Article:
- The LSAT measures several key skills needed for law school and is an important factor in applying.
- When studying for the LSAT, weigh each section equally and simulate the real test, experts said.
- Master your pacing, study in manageable chunks of time, and give yourself incentives.
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To get into most law programs in the US, you must first take the Law School Admission Test (LSAT).
The LSAT consists of two parts, a multiple-choice exam and an essay, that together assess several key skills that have been identified as important for success in law school, including critical reading, analytical reasoning, logical reasoning, and persuasive writing.
Test takers have traditionally taken the exam in testing centers. However, during the pandemic, LSAC began offering an alternative called the LSAT-Flex, where the test is completed online at home or in a quiet place but requires a camera on the computer, as it’s proctored from afar.
According to the LSAC website, this format has been extended until June 2022 due to “the expressed preferences of the substantial majority of test takers.”
Mark C. Miller, professor of political science and director of the Law & Society Program and university pre-law advisor at Clark University, said law schools treat scores from the LSAT and LSAT-Flex as identical.
Here’s how to best prep for and excel on this crucial exam, according to experts.
Weigh studying each section equally, even for the LSAT-Flex
John Ross, founder and CEO of test-prep review company Zivadream, said that while the LSAT-Flex is the same as the traditional LSAT in terms of substance and difficulty, one notable difference is that the length of the test has been reduced.
“The proportion of logical-reasoning questions will be different on the LSAT-Flex compared to the traditional LSAT — however, LSAC has given assurances that they will not double-count or weight that section any differently,” Ross said. He added that all three sections of the LSAT-Flex will consist of questions of the same type and difficulty as previous tests.
Though some students may be tempted to reallocate study time away from the logical-reasoning section, he believes the shift makes that section of the exam that much more important.
“As such, I would advise to keep study times and allocations the same,” Ross said.
Practice under comparable test conditions
Ross said applicants should adjust their practice-test routine to mimic what the real exam will be like.
He recommended taking the practice test on your laptop in the same place you’ll take the LSAT on test day, with a webcam on — perhaps even simulating the real experience by having a friend or family member watch you on a webcam or sit behind your computer.
Phillip Millar of law firm Millar’s Law expressed amazement at students telling him they don’t want to take a sample test close to the test date because if they get a low score, it will ruin their confidence for the actual test.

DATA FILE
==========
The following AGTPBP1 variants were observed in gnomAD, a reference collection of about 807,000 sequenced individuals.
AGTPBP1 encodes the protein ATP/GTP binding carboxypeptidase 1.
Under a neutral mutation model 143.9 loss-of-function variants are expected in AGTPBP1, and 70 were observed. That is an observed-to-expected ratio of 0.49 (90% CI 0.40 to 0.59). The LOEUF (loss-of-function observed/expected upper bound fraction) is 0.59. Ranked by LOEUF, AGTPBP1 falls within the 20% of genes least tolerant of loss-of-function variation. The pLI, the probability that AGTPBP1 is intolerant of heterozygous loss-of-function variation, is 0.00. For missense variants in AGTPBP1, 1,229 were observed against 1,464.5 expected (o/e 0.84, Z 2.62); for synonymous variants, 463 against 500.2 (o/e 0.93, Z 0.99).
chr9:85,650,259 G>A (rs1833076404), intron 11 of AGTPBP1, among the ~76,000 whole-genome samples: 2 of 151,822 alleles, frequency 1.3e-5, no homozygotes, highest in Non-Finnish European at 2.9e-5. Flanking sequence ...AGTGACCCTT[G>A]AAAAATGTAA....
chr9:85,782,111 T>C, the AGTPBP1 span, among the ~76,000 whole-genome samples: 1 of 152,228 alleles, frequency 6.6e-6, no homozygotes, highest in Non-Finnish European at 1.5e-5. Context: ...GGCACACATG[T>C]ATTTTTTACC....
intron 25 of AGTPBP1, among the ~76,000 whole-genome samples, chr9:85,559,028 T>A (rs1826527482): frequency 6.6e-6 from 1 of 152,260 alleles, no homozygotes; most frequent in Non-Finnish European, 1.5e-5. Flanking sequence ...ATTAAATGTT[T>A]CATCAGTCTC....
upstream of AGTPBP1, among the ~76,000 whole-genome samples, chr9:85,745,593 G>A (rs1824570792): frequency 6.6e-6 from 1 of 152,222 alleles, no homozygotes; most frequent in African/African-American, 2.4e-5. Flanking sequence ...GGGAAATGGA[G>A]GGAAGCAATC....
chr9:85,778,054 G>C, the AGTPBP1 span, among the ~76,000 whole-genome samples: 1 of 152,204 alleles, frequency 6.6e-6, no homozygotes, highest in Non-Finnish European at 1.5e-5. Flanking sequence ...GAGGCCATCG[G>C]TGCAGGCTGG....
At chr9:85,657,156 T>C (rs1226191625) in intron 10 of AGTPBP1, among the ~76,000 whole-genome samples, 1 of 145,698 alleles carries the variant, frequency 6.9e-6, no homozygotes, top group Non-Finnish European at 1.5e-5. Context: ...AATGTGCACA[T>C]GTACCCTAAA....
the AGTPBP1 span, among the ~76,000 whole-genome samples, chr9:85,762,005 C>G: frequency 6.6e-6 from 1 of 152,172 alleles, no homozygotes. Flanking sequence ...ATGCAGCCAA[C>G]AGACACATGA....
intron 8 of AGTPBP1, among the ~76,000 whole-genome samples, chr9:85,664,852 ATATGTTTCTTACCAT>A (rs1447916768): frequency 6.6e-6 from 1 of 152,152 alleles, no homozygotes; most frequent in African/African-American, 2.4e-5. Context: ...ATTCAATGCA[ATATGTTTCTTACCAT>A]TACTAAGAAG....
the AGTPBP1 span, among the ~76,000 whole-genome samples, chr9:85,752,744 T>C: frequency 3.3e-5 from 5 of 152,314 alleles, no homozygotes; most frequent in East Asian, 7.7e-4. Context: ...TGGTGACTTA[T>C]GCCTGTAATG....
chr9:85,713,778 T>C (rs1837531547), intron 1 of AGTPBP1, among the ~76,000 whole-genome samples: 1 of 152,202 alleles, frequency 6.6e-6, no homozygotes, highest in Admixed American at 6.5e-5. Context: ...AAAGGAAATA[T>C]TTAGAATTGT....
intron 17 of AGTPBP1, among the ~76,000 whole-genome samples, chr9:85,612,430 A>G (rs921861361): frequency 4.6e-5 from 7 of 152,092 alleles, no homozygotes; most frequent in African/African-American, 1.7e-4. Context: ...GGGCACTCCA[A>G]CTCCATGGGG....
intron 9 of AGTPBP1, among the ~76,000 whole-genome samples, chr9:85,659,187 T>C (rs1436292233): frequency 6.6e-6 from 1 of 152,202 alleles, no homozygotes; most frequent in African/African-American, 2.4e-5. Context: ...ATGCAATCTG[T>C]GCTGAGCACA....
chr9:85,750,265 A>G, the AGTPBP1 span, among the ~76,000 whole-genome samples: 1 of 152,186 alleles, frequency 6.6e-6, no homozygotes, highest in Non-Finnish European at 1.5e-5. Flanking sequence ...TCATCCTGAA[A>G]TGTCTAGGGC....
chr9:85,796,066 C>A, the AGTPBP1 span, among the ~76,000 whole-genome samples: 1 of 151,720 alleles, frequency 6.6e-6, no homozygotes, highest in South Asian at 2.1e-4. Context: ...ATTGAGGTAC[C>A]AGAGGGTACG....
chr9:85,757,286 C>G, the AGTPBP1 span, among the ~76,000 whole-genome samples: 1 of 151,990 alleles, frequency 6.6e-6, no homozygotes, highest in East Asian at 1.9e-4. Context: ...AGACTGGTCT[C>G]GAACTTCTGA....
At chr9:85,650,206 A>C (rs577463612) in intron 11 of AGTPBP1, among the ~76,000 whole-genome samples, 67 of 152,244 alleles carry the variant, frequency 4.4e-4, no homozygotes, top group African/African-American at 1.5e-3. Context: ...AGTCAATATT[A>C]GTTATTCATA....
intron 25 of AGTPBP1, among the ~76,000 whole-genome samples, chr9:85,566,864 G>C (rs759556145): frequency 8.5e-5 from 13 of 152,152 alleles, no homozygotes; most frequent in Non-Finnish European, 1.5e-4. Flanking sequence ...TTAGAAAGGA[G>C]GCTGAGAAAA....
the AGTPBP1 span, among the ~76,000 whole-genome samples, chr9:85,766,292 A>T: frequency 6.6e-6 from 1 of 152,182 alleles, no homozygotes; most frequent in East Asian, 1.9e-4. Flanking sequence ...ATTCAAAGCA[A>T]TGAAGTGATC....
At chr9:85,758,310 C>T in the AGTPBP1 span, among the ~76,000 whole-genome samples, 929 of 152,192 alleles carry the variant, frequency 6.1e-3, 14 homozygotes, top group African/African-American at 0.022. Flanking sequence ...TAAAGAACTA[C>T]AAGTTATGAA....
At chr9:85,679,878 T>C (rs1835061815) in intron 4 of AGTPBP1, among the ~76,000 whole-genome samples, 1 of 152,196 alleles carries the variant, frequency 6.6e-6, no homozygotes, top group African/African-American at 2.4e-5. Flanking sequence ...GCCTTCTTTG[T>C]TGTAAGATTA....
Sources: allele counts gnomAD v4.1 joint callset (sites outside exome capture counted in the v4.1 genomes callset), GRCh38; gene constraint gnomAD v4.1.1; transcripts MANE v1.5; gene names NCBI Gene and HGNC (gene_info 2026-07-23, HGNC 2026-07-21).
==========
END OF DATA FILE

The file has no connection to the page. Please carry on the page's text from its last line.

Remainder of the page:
“Think about that and the logical flaws contained within that position,” Millar said. “Logic would tell that practicing sample tests improves your chances at a better score.”
He added that with an early result, students can then see where their strengths and weaknesses are and allocate study time and resources accordingly.
In addition to running through the general test logistics, Ross suggested mastering your pacing.
Break your studying up into small chunks
Chris Lele, LSAT expert at online test-prep firm Magoosh, advised making your goals smaller and more achievable if you feel unfocused. This will help you keep progressing in your studies while building confidence.
“If you’re like many of us right now, you may be having trouble staying focused on your tasks when you sit down to study,” Lele said. “Your ability to concentrate and retain knowledge falters under stress.”
Instead of setting a goal of studying for a three- to four-hour stretch and covering a ton of material, for example, try doing just one logic game or quizzing yourself on a list of logical fallacies.
Give yourself incentives
Steve Schwartz, founder and CEO of LSAT Unplugged, agreed that aside from the content of the LSAT, one of the biggest barriers that students face relates to maintaining motivation and focus.
Inspired by Nir Eyal’s book “Indistractable,” he suggested decreasing the effort required to study by making the process as easy as possible.
“Leave your books at work, school, in your car,” Schwartz said. “Use LSAT prep podcasts and YouTube videos to listen and watch on the go. Create or use a detailed LSAT study plan to remove all the guesswork about what to do and when.”
He also suggested creating an external financial motivator.
“Make an agreement with yourself that each day you don’t study X hours [or] don’t complete X problems, you have to donate $X to your favorite charity or give it to someone else holding you accountable,” Schwartz said. “When there’s money on the line, you’ll have more skin in the game.”
Avoid looking like you’re cheating
When taking the exam, not only will a live person be watching and listening, but everything from start to finish will be recorded and analyzed by artificial intelligence. If there are any questions as to the integrity of your performance, the recording of your session will receive further review.
“Given this level of extreme oversight, it is critical that students not do anything that makes it even appear like they may be cheating,” Ross said. “Do not stare off-screen or straight down for too long, don’t talk to yourself, and definitely don’t have a phone or other device close by.”
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